The test is NOT ‘would the application NECESSARILY have been granted if everything now known had been barfed up then’. The test is, COULD it have been granted, REASONABLY? Concepts like ‘guilt beyond reasonable doubt’ and ‘fruit of poison trees’ apply to trial proceedings, verdicts & appeals from those. At most, the latter has an extremely narrow & restricted conceptual application to warrant applications – for sound reasons consistent with the 4th amendment.

    E.g. a DoJo could say to the FISC judge hearing the application, Judge, to be totally candid, this dossier just reeks of rat-fucking; but there are these 1 or 2 little bits of info, such as this one here on this page at this line, that tie in with info we’ve verified independently, so that’s why we’re including this. And that would be fine both in law & constitutionally.

    3. SO WHY OH WHY, THEN… would Grassley, and not just non-attorney Sen Chuckles from Potatohead Corners, but also actually-trained attorney with court experience Sen Graham, get so all-fired-up excited about the reference and extremely narrow limited use of the Steele dossier in a quasi-judicial setting, risking  looking in the long run, and to future historians, like total jackasses to folks who know what they’re talking about?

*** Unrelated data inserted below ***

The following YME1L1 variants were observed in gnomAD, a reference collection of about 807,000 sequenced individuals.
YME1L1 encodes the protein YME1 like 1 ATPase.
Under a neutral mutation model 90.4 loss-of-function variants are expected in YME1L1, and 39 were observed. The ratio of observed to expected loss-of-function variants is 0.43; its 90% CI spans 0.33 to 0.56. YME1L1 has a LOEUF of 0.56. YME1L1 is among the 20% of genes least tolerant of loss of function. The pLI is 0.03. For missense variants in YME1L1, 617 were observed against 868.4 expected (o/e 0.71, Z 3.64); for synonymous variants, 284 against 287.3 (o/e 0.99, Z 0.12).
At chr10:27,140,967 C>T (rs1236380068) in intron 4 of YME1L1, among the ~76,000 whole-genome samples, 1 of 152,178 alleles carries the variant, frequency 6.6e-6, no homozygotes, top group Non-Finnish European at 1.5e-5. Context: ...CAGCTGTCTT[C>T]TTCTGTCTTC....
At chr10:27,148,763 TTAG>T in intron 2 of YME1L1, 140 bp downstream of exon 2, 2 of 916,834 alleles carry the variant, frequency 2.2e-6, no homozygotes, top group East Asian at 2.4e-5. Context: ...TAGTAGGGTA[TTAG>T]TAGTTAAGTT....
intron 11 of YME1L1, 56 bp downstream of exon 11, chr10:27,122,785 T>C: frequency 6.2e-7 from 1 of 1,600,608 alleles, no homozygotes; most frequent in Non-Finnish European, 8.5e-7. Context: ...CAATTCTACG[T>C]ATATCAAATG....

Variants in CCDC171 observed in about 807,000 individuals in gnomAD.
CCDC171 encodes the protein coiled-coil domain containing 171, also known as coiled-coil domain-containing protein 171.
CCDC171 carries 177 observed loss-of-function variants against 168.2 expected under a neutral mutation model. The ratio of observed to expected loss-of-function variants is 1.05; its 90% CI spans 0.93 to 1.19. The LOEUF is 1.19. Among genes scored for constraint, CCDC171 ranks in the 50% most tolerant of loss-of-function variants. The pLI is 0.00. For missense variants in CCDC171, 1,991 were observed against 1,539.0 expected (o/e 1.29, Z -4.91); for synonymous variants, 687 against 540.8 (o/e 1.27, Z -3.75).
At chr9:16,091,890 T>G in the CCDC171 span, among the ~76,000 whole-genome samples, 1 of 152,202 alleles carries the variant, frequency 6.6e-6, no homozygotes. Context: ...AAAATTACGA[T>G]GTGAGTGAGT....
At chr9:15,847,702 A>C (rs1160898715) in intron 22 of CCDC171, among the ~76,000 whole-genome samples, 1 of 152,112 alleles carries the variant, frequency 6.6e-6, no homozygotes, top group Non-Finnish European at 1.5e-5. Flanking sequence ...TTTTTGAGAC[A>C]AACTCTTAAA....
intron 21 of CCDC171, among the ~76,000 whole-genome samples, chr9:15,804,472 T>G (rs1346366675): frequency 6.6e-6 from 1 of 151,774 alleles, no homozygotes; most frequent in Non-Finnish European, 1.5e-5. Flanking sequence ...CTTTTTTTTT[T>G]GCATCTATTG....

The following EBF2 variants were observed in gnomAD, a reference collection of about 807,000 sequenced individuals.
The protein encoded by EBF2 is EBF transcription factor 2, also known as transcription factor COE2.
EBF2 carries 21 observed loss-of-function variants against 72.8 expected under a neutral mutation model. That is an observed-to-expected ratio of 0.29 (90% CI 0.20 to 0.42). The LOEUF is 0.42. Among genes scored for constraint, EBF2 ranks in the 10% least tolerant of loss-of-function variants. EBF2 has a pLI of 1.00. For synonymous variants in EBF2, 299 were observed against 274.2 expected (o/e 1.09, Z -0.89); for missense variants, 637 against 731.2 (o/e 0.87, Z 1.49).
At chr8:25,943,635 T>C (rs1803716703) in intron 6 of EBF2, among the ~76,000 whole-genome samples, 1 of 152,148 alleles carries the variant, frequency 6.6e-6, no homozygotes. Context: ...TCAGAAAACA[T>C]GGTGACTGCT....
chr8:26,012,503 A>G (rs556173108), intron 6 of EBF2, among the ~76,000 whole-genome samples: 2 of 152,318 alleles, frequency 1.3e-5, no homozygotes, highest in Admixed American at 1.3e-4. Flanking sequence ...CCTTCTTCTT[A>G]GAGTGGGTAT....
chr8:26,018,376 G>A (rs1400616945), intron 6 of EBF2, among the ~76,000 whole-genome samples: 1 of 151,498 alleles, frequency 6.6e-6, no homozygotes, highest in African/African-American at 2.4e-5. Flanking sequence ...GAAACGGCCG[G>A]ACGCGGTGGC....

One possibility: the actual full content of the Steele dossier remaining withheld from the public, serves as a rock, to completely obscure the presence of some other tidbit within it – such as, for example:

    the name of some NYC figure who received a leak out of some law enforcement agency concerning the seizure, ongoing custody of and ‘colorable’ content within a certain laptop PC seized in relation to the case against Anthony Weiner.

    So, sure: the Steele dossier could indeed contain some, or much, or a large amount, or even a predominant % of hand-fed Russian rat droppings. But if it also contains just a couple of even roughly accurate pieces of actionable intel that might conceivably lead to bringing down a Republican POTUS (having nothing at all to do with Rus hookers urine-soaking a Moscow hotel bed), that sure seems to me be like something Chuck & Lindsay would feel motivated to act to keep a lid on.